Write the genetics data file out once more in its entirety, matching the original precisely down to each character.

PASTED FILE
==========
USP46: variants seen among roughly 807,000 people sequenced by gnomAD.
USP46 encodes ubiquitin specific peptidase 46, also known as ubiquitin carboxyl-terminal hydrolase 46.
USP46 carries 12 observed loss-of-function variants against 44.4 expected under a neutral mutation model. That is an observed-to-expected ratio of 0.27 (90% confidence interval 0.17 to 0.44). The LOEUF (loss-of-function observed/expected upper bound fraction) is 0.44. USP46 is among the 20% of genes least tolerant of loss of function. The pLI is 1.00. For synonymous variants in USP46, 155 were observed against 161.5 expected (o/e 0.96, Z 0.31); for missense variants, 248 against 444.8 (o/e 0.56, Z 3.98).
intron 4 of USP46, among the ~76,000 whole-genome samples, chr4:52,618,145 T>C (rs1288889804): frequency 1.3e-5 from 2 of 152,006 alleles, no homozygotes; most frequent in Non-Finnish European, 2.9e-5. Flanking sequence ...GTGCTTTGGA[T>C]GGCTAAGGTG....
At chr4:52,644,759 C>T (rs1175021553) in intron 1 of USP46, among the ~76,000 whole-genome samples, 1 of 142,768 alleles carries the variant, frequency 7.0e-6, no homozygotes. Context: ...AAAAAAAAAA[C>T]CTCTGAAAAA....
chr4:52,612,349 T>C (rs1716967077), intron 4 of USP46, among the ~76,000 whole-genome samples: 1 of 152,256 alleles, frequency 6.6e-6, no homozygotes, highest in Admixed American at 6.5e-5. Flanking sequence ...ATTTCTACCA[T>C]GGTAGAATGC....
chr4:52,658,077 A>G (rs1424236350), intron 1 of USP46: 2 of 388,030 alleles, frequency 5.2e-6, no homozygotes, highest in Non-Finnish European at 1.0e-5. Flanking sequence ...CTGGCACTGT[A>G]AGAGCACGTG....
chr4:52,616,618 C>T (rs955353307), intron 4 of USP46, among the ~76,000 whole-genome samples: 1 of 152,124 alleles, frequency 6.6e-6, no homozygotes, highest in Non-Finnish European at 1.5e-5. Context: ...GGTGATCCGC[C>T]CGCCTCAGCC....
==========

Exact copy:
USP46: variants seen among roughly 807,000 people sequenced by gnomAD.
USP46 encodes ubiquitin specific peptidase 46, also known as ubiquitin carboxyl-terminal hydrolase 46.
USP46 carries 12 observed loss-of-function variants against 44.4 expected under a neutral mutation model. That is an observed-to-expected ratio of 0.27 (90% confidence interval 0.17 to 0.44). The LOEUF (loss-of-function observed/expected upper bound fraction) is 0.44. USP46 is among the 20% of genes least tolerant of loss of function. The pLI is 1.00. For synonymous variants in USP46, 155 were observed against 161.5 expected (o/e 0.96, Z 0.31); for missense variants, 248 against 444.8 (o/e 0.56, Z 3.98).
intron 4 of USP46, among the ~76,000 whole-genome samples, chr4:52,618,145 T>C (rs1288889804): frequency 1.3e-5 from 2 of 152,006 alleles, no homozygotes; most frequent in Non-Finnish European, 2.9e-5. Flanking sequence ...GTGCTTTGGA[T>C]GGCTAAGGTG....
At chr4:52,644,759 C>T (rs1175021553) in intron 1 of USP46, among the ~76,000 whole-genome samples, 1 of 142,768 alleles carries the variant, frequency 7.0e-6, no homozygotes. Context: ...AAAAAAAAAA[C>T]CTCTGAAAAA....
chr4:52,612,349 T>C (rs1716967077), intron 4 of USP46, among the ~76,000 whole-genome samples: 1 of 152,256 alleles, frequency 6.6e-6, no homozygotes, highest in Admixed American at 6.5e-5. Flanking sequence ...ATTTCTACCA[T>C]GGTAGAATGC....
chr4:52,658,077 A>G (rs1424236350), intron 1 of USP46: 2 of 388,030 alleles, frequency 5.2e-6, no homozygotes, highest in Non-Finnish European at 1.0e-5. Flanking sequence ...CTGGCACTGT[A>G]AGAGCACGTG....
chr4:52,616,618 C>T (rs955353307), intron 4 of USP46, among the ~76,000 whole-genome samples: 1 of 152,124 alleles, frequency 6.6e-6, no homozygotes, highest in Non-Finnish European at 1.5e-5. Context: ...GGTGATCCGC[C>T]CGCCTCAGCC....